Except where the order, it had been made in favor of the party that has applied for revision would have finally disposed of the case.
The High Court shall not for revision of a case vary or reverse a decree or order against which appeal lies to the High Court or any other subordinate court.
A revision proceeding shall not act as a stay of suit or other proceedings before the Court except when it is stayed by the High Court.
OBJECT OF REVISION:
The following are the objects of Revision-
- It prevents all the subordinate courts while deciding cases from acting arbitrarily.
- It prevents the subordinate courts from acting irregularly while exercising their jurisdiction
- It vests the High Court with the power to check if the proceedings of the subordinate court are within its jurisdiction and by law for dispensing justice.
- It vests the High Court with the power to correct the jurisdiction errors committed by the subordinate courts.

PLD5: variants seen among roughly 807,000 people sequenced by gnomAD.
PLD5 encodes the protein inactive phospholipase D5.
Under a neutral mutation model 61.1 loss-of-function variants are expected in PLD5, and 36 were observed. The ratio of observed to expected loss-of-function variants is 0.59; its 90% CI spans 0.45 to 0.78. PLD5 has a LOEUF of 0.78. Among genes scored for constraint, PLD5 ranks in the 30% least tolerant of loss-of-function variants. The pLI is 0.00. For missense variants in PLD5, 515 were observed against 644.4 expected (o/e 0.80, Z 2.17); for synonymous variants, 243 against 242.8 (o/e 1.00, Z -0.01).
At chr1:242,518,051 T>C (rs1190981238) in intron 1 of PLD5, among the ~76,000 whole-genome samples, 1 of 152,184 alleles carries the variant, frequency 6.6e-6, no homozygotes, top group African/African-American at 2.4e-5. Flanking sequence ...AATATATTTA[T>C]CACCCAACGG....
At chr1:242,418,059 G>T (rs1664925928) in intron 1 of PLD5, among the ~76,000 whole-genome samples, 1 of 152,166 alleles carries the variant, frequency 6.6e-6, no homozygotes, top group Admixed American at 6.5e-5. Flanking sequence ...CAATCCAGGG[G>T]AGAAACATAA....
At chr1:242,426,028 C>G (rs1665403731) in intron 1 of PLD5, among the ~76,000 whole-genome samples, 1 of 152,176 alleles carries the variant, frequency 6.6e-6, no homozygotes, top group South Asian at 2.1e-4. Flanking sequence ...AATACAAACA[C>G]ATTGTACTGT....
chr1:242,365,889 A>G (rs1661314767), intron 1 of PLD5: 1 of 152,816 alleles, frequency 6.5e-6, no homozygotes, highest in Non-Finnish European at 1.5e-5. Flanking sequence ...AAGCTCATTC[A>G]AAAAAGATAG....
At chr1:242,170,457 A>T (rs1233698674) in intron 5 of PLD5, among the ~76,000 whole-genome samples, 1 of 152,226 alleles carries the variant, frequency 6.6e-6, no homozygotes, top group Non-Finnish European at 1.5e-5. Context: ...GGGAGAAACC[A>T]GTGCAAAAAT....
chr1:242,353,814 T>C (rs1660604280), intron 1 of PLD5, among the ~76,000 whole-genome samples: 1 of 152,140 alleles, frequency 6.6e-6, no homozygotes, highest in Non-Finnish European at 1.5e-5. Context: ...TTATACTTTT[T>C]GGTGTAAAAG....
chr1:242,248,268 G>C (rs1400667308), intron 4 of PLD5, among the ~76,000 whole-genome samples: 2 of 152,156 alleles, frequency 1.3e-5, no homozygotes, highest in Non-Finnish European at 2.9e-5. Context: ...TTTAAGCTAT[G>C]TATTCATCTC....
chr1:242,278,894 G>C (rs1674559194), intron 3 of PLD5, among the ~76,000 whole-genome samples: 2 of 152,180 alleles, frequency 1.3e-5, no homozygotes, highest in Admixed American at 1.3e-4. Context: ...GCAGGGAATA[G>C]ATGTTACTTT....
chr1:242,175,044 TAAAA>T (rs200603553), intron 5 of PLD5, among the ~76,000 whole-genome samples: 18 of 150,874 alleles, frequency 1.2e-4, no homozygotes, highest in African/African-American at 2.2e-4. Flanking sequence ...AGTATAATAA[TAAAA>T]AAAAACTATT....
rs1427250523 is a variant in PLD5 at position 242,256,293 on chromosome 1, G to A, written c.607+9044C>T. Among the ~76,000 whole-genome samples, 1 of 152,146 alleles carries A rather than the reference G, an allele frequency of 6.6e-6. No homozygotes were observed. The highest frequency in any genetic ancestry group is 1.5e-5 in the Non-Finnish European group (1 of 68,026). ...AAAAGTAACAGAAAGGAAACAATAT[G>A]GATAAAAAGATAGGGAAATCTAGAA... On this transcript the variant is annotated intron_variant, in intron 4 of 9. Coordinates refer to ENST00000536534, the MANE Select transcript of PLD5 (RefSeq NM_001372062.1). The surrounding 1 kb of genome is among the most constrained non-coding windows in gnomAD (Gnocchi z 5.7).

- It provides a way for an aggrieved party to the case to obtain rectification of a non-appealable order.
Any party to the case who is aggrieved from the order of the subordinate court can apply for revision of such an order in the High Court. Further, the High Court also has the power to exercise suo motu revisional jurisdiction.
The exercise of revisional jurisdiction by the High Court is discretionary. The applicant applying for revision has to show that not only jurisdictional error is committed by the subordinate court in his case but also that the interest of justice is at stake.
PERIOD OF LIMITATION:
The limitation period for revision application is ninety days from the date of the decree or order sought to be revised.
DISTINCTION BETWEEN REFERENCE, REVIEW, AND REVISION:
|1.||The subordinate court itself refers the case to the High Court.||Review application is made to the High Court by the aggrieved party|
|2.||Only High Court has the power to decide the subject matter of reference||Review is done by the court which had passed the decree or made order.|
|3.||Reference is made while pending a suit, appeal, or execution proceedings.||Review applications can be filed only after passing the decree or making the order.|